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CHAPTER 10 Evaluating and Improving ASD Efforts The final step in the cycle of ASD efforts is an evaluation of what has been accomplished. Such an assessment would provide a systematic, critical, and unbiased review and appraisal of the methods and procedures used, as well as the results obtained. Before starting a new ASD effort-- whether pursuing expanded service with the same carrier, a different carrier to a different desti- nation, or a yet-to-be-defined alternative, ASD teams must ask: What worked and what did not? Why is evaluation so important? Sound program The evaluation step is often overlooked as part of any program. But sound program manage- ment requires an evaluation to improve and build upon past efforts, whether they were success- management ful or not. This evaluation should not be an exercise in assessing blame; rather, it is a critical com- requires an evalua- ponent of the planning process and refining future ASD efforts, as shown in Figure 10.1. tion to improve Evaluation "closes the loop" with the planning and implementation cycle. Measurement and build upon allows for improvement. past efforts. How is effectiveness in ASD measured? Measurement Measuring the effectiveness of an air service initiative is conceptually straightforward, but can allows for be very difficult to accomplish. The ASD program is generally gauged against the overall ASD improvement. goal. The basic conceptual question is: Was the airport's ASD program responsible for the out- come, or were some other intervening factors major contributors? (See Figure 10.2.) Essentially, there are three key components needed to determine whether an ASD technique worked effec- tively or not: knowing exactly what the objectives were, measuring the outcomes, and account- ing for any other factors that may have contributed to or detracted from the efforts. Additionally, it is important to quantify the relative cost-effectiveness of the ASD program. No airport or community has an unlimited pool of resources that it can apply toward air ser- vice development. Each community (or airport, if no community funds are at risk) has to decide what the limits are on its investment in air service and what return on investment it considers adequate. Rigorous evaluations can become major econometric and financial studies. The study team is not presuming to describe in detail how an airport would conduct such a detailed analysis. To the extent that an airport or community is particularly interested in pursuing one, the study team would suggest engaging the assistance of the economics or business department of a local uni- versity, which might be able to help with the modeling as a teaching device. 138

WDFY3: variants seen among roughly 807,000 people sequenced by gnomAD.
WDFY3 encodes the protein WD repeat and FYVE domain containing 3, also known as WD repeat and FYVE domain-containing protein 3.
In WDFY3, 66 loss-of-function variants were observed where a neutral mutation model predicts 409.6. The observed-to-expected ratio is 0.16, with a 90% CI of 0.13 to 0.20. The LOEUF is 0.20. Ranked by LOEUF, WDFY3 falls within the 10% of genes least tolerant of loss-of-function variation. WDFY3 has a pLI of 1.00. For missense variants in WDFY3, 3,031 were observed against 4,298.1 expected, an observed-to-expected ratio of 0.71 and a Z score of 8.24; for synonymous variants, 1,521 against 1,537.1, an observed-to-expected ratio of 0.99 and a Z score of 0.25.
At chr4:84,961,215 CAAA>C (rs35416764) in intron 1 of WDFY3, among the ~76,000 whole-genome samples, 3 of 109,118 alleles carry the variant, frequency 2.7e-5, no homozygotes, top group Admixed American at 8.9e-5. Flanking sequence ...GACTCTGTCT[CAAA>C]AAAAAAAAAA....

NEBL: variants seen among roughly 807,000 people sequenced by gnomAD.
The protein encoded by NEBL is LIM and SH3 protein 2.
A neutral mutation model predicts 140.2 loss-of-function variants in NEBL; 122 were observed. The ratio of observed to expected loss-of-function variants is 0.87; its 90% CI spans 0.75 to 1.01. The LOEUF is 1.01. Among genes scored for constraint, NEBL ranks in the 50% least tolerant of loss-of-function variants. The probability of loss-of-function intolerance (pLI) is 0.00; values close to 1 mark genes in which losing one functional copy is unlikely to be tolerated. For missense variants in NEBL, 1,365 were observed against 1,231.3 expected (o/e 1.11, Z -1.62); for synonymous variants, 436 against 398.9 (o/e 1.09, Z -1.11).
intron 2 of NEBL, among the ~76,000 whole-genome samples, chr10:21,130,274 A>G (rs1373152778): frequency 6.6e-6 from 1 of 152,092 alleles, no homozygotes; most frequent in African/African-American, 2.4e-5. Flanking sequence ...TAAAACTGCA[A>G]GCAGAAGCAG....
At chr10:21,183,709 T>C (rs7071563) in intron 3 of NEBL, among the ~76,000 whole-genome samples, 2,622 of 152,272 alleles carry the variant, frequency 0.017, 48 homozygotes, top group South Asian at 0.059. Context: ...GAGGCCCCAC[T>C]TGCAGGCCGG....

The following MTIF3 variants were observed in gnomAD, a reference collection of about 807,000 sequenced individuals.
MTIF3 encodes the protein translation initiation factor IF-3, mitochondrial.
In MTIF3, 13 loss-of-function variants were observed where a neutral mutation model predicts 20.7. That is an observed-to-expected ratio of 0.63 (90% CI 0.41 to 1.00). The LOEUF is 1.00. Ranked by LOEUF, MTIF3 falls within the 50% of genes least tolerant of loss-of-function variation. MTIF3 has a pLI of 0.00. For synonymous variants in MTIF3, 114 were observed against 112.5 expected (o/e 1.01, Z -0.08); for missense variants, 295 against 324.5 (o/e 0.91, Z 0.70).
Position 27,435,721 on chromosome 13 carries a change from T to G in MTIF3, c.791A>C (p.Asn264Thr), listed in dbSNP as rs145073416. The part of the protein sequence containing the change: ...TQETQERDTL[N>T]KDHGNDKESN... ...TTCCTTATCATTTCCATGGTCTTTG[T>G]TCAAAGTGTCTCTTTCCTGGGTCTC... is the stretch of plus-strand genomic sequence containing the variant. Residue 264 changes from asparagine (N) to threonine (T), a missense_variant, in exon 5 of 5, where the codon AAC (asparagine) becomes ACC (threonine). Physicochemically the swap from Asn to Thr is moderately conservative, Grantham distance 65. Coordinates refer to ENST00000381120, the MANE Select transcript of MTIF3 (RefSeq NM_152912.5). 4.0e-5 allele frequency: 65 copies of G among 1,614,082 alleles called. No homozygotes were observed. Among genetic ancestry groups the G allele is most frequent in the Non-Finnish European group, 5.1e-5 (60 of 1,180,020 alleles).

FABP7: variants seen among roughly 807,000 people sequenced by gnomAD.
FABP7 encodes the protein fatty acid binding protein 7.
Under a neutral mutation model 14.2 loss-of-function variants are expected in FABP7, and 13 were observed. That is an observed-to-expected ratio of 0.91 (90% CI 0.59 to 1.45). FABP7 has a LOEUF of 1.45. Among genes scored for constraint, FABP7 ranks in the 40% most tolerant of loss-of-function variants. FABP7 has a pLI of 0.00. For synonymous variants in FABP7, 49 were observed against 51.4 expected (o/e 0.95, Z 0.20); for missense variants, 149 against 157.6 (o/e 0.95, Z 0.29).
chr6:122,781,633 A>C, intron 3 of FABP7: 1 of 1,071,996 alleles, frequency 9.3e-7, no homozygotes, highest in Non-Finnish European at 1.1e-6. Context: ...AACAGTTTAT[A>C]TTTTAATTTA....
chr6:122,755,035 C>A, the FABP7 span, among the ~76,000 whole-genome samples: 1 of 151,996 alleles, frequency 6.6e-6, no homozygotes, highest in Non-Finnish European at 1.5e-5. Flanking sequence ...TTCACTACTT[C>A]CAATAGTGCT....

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Evaluating and Improving ASD Efforts 139 Identify deficiencies No Identify available resources Yes Revise program? Determine ASD goals Evaluate efforts Select ASD tools Present case to airlines Figure 10.1. Summary of the ASD process. Objectives Most ASD programs have relatively straightforward goals or objectives (e.g., adding ser- vice to a new hub). As discussed in Chapter 7, other commonly used objectives include the following: Retaining existing service Adding service to a new destination Adding frequencies to current services Lowering fares/introducing new competitive service Improving service reliability Upgrading aircraft Increasing access to global networks Progress toward these types of goals is easily measured. Other goals--such as decreasing the amount of passengers leaked through various marketing efforts--can require more complicated measurement to determine how well the effort succeeded. Other possible criteria against which the effectiveness of ASD programs is sometimes judged are not included here. For example, several airports reported that their programs were success- ful in part because their staff learned how to better plan and implement ASD efforts. Although that may be valuable, unless professional development was one of the formal ASD goals, judg- ing a program on that basis would not be appropriate. Great outcome Previous situation ASD Program Poor outcome Intervening factors? Figure 10.2. Conceptual overview of an evaluation methodology.